Long ago, in a hermitage, there lived a great sage. One day, as he sat down to have his lunch, a mouse fell from the beak of a crow, on the ground near him. He picked the mouse up, took him inside the ashram and fed him some rice.

One day, the sage saw a cat chasing the mouse around the ashram. He was afraid that his pet mouse would be killed by the cat. By the power of his penance, he turned the mouse into a cat so that it could defend itself against other cats.

Soon a dog appeared on the scene and started barking at and chasing the cat. When the sage saw this, he changed the cat into a dog.

One day his dog was frightened by a tiger. The sage immediately changed his dog into a tiger, again by the power of his penance.

However, the sage always treated the tiger as if it was still his little mouse. Whenever the villagers who passed by the sage’s ashram saw the tiger, they would say, “Ha! That’s not a tiger! It’s just a mouse that the sage changed into a tiger. He won’t eat us or even scare us.”

When the tiger heard this, he was furious. “As long as the sage is alive,” he thought, “the truth about my real nature will never die. I must get rid of him for good.” The tiger decided to kill the sage.

But as soon as the sage saw him coming towards him, he knew what was going on in the tiger’s mind. He shouted, “Get back into your form of a mouse.” No sooner had he uttered these words than the tiger shrank and became a little mouse once again. The sage looked at him with pity and said, “Whatever one is, large or small, it’s good to be humble.”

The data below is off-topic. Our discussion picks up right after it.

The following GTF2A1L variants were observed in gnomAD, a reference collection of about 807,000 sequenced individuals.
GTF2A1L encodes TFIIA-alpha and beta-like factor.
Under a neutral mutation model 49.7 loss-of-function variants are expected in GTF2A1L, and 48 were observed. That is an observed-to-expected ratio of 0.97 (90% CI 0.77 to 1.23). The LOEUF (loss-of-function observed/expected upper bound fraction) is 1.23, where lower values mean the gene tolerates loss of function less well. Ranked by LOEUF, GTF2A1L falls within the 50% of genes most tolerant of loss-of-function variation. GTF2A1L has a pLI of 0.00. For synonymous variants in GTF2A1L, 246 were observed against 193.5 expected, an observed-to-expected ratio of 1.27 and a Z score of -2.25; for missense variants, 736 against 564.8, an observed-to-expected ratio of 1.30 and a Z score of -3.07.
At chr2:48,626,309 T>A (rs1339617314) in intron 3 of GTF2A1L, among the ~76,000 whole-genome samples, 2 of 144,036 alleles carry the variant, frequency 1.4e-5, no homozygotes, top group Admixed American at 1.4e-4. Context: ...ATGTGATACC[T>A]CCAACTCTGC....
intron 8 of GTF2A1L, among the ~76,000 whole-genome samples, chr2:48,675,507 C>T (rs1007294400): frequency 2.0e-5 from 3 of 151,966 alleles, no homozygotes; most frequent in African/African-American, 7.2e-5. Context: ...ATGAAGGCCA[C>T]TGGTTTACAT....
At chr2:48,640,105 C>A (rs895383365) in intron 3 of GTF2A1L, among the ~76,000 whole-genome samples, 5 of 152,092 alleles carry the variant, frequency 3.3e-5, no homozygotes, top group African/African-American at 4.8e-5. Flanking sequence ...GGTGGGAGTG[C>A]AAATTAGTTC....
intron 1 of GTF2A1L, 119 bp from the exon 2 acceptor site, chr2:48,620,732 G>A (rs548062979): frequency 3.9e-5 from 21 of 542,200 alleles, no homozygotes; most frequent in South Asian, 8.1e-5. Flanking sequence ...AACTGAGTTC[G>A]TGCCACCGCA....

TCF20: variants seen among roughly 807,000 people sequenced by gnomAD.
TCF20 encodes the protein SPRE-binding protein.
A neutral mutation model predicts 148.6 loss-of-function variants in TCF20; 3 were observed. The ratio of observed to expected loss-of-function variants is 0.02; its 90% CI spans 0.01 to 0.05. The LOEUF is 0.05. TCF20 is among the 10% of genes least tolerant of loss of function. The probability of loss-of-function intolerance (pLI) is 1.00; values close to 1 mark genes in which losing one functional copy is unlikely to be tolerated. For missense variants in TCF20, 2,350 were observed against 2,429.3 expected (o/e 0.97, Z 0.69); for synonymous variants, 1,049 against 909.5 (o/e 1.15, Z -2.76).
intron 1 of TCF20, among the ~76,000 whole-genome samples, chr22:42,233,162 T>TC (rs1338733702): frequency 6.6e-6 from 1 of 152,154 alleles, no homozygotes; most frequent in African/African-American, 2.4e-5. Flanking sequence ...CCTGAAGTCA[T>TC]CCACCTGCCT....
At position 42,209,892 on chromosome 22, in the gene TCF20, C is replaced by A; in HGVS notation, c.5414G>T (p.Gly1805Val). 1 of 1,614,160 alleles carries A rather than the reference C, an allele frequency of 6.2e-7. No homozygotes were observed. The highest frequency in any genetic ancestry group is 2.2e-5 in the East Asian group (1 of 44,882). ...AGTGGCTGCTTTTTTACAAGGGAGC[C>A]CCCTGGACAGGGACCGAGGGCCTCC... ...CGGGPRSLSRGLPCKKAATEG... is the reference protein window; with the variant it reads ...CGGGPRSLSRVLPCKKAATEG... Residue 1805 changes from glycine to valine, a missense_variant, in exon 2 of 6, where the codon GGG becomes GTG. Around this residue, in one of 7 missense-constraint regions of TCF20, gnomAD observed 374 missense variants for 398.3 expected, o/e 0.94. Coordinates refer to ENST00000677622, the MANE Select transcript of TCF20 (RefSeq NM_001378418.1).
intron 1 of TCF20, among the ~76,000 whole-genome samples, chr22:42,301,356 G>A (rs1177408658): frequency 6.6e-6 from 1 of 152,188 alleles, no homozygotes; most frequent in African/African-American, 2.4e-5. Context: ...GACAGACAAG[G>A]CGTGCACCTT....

Source | G.L. Chandiramani, The Hitopadesha: An Ancient Fabled Classic, page 230
See also: Marica Brown, Once a Mouse

PONDER AND CONSIDER

  • Whatever one is, large or small, big or little, a celebrity or not, it’s always goo to stay real, get off any sticky pedestal behaviour and be humble.

LIVING FULLY IN THE MOMENT

One day, while walking through the wilderness, a man  encountered a vicious tiger. He ran for his life, and the tiger gave chase.

The man came to the edge of a cliff, and the tiger was almost upon him. Having no choice, he held on to a vine with both hands and climbed down.

Halfway down the cliff, the man looked up and saw the tiger at the top, baring its fangs. He looked down and saw another tiger at the bottom, waiting for his arrival and roaring at him. He was caught between the two.

Two rats, one white and one black, showed up on the vine above him. As if he didn’t have enough to worry about, they started gnawing on the vine.

He knew that as the rats kept gnawing, they would reach a point when the vine would no longer be able to support his weight. It would break and he would fall. He tried to shoo the rats away, but they kept coming back.

At that moment, he noticed a strawberry growing on the face of the cliff, not far away from him. It looked plump and ripe. Holding onto the vine with one hand and reaching out with the other, he plucked it.

With a tiger above, another below, and two rats continuing to gnaw on his vine, the man tasted the strawberry and found it absolutely delicious.

Source | Derek LinThe Tao of Daily Life. Pages 10-11

PONDER AND CONSIDER

This delightful story, which for many may be unreal, pure nonsense and bordering on the absurd, is in fact and simply about living in the moment. Despite his perilous situation, the man chose not to let unrealized dangers paralyze him. He was able to seize the moment and savor it.

  • Are adversity, crisis and potential dangers robbing you of the precious gift of life?
  • Do you allow adversity, crisis and potential dangers to paralyze you and block you from living every single moment as best and as fully as possible?